Why We Chose Los Angeles
To start, THANK YOU for the overwhelming outpouring of support! We are extremely excited about this next step for Creature Comforts. We have heard your questions about why we chose Los Angeles, our plans for distribution out West, and why we did not open in Atlanta first.
Many things go into a decision like this one, as it was during the process of selecting our first (Snow Tire) and second (Southern Mill) brewery locations in Athens. Many have speculated about it being due to state laws, personal reasons, business strategy, or a relationship with an award-winning film director, and everyone is right.
The most common question we have received is “Why not Atlanta?” While we will forever remain committed to investing and growing in our hometown of Athens and our home state of Georgia, we must be clear: We are not opening another brewery in Atlanta or Georgia at this time because of state laws.
There remain many issues with Georgia beer laws. For Creature, the largest barrier to investing in another Georgia brewery is that current interpretation of the law is that a brewery cannot sell beer directly to a consumer at one brewery taproom if that beer was produced at one of the brewery’s other taproom locations. Making Tropicalia at locations 60 miles apart is both inefficient and less sustainable.
In 2020, Creature worked with other GA breweries to craft language to ensure that transfer of product between breweries of common ownership was legal. When COVID-19 hit, a lot of attention rightfully shifted toward helping our retailers with to-go alcohol sales. As a result, our usual adversaries at the capitol used this opportunity to sideline the inclusion of the beer transfer language and HB 879, regarding alcohol delivery, specifically omitted breweries, and brewpubs.
Unknown to many, we had been working for over a year on a beltline brewery location in Atlanta with a developer and Atlanta design firm. However, when the transfer language died at the capitol, we made the difficult decision to stop our Atlanta project on July 2 and fully focus on the Los Angeles project instead. We will continue to actively work to improve GA’s beer laws and when the legality of transferring product between brewery locations is clarified, we hope to resume our efforts to invest in a brewery and taproom location in Atlanta.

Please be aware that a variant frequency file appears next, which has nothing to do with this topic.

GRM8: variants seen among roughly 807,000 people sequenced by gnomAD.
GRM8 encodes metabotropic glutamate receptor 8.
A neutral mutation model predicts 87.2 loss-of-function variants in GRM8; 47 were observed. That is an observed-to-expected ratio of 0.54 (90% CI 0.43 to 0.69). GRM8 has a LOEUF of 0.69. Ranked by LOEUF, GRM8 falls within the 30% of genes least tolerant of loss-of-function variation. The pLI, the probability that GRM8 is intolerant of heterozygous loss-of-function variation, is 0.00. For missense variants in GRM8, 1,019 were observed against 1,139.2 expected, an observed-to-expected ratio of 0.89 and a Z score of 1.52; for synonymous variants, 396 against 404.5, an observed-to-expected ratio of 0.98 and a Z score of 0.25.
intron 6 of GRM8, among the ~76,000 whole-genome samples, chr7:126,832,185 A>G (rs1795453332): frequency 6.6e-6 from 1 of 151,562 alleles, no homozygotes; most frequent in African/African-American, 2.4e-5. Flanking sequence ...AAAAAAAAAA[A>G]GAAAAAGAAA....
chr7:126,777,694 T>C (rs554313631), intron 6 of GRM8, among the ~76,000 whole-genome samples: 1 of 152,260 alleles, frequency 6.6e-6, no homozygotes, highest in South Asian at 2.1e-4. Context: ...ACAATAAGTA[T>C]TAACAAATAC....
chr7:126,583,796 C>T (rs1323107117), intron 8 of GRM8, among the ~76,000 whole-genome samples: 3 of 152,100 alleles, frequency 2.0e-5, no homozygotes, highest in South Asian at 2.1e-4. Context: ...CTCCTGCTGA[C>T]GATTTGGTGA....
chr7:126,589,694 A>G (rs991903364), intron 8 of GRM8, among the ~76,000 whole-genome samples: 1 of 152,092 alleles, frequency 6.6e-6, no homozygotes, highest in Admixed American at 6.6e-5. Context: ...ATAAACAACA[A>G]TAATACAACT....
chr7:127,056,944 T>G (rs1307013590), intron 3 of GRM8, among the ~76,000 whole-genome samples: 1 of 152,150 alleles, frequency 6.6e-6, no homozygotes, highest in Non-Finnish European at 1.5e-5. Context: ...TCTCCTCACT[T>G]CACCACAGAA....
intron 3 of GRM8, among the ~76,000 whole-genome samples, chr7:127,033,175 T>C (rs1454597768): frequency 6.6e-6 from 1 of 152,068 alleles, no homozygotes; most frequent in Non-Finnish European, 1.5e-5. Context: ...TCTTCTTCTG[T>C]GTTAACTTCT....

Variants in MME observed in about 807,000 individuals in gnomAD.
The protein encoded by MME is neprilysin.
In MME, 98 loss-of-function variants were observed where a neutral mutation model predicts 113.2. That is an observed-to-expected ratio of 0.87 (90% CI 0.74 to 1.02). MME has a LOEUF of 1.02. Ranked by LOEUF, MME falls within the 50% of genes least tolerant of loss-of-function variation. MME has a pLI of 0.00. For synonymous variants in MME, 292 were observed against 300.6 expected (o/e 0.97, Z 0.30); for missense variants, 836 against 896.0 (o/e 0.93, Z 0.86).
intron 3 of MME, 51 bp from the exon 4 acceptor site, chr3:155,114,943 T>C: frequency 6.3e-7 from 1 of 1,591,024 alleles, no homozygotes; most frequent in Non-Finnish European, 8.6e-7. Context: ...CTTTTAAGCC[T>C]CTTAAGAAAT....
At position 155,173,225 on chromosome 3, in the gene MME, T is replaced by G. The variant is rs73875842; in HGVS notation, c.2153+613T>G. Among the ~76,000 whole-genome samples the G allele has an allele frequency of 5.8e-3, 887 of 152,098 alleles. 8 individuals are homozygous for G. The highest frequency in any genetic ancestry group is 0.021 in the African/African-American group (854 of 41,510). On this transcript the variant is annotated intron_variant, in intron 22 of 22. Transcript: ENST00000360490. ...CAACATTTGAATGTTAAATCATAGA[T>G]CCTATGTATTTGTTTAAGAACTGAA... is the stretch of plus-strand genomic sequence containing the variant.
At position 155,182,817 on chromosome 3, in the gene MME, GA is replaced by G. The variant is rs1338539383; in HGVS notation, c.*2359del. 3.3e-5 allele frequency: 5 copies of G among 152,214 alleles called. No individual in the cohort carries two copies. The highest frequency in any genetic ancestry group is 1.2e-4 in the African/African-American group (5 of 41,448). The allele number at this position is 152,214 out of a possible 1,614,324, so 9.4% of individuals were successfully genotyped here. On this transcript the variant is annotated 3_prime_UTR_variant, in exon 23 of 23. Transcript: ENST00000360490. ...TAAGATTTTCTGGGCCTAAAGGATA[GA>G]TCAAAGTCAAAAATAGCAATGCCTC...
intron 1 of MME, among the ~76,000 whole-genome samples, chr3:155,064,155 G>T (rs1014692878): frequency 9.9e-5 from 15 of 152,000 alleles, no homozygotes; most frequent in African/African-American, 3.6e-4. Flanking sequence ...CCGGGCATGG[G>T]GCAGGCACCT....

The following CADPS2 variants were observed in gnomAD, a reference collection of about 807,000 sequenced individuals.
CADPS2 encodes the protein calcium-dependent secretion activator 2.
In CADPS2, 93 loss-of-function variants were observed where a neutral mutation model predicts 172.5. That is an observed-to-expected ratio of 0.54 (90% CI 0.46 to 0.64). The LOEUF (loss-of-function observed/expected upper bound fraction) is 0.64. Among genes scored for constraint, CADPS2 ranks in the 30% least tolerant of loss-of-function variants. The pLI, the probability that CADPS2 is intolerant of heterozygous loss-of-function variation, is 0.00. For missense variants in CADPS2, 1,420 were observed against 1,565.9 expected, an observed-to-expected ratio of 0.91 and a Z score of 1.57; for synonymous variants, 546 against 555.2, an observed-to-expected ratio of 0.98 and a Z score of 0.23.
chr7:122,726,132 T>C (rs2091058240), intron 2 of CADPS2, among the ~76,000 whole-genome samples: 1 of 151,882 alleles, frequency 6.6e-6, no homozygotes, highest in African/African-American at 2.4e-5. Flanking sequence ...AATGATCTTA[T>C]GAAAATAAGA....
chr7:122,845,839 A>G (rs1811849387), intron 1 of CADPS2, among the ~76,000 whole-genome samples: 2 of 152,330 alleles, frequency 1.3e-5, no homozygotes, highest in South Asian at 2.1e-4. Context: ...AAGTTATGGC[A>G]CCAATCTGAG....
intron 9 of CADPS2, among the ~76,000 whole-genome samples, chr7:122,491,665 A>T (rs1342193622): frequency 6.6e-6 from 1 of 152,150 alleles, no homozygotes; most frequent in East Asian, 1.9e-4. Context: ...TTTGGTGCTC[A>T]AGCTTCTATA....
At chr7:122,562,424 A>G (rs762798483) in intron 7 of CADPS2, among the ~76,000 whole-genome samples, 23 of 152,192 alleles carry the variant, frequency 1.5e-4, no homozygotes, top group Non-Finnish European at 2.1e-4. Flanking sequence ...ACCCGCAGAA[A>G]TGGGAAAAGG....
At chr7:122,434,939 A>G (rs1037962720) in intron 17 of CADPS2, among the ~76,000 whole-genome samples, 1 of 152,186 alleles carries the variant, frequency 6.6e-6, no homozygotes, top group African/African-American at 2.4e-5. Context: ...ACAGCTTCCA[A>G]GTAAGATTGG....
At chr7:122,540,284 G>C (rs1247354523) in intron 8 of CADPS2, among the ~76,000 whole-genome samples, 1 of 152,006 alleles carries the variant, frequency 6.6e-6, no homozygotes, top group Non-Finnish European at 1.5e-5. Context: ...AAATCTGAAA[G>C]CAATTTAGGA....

By contrast, California’s beer laws are incredibly welcoming to craft breweries and it still maintains a strong and profitable wholesaler network. With a single California brewery location, we can open 6 taprooms, transfer beer between those locations, and ship beer directly to consumers in California and many other states. This ability to ship direct-to-consumer helped many California breweries survive during the pandemic.
We are not the only Georgia brewery that has chosen a different state for the expansion of physical locations. Furthermore, we are not aware of any craft brewery from another state that has opened a physical location in Georgia yet. Georgia needs to pay attention if the state desires to support and build the craft beer industry. So yes, Georgia laws had an impact on our decision.
Sometimes the reasons are less tangible. For example, we kept finding ourselves in LA for collaborations, festivals, and conferences. As for our collaborations with California breweries, we did not do them because we were planning to open a brewery in Los Angeles. Rather, in part, we are opening a brewery in LA because we did collaborations with California breweries. We have built genuine friendships, love the area and climate, and see how our existing community impact programs align with some of LA’s needs. So yes, we have personal reasons for going to LA.
It also has to do with the results of running analysis back in 2018 on cities we thought could be good candidates for a Creature Comforts brewery. Based on that analysis, LA was a top-three market to explore. Furthermore, LA and California have strong craft beer industries, so we are going to learn an incredible amount from other breweries and about how Creature can exist in other markets. We believe this move will help us grow as a team and as a brewery.
We do not know exactly what that distribution footprint will look like yet, as it depends on how we do in the local LA market. As always, our goal is to take care of the markets we are in before expanding further. So yes, there is some business strategy involved in the decision.
Lastly, the LA brewery has to do with an amazing person and well-known director, Joe Russo, who loved our brewery and became a great friend. He encouraged us to expand our perspectives, to understand our aspirations, and to think bigger about how to achieve them. He also let us know about an awesome location zoned for a brewery and helped us figure out how to financially make it happen. So yes, it is partially about a relationship with a wildly successful filmmaker and entrepreneur.
We often say that Athens chose us originally, and we feel like Los Angeles did the same. Quite simply, it just felt right. It does not mean we will never put another brewery in Georgia or distribute to Georgia’s neighboring states. It just means we are currently continuing to invest in our existing Georgia breweries and market, and opening a brewery and taproom in Los Angeles, California, which we think is awesome.
Thank you for the incredible support over the last six years, and especially now as we continue this wonderful journey together.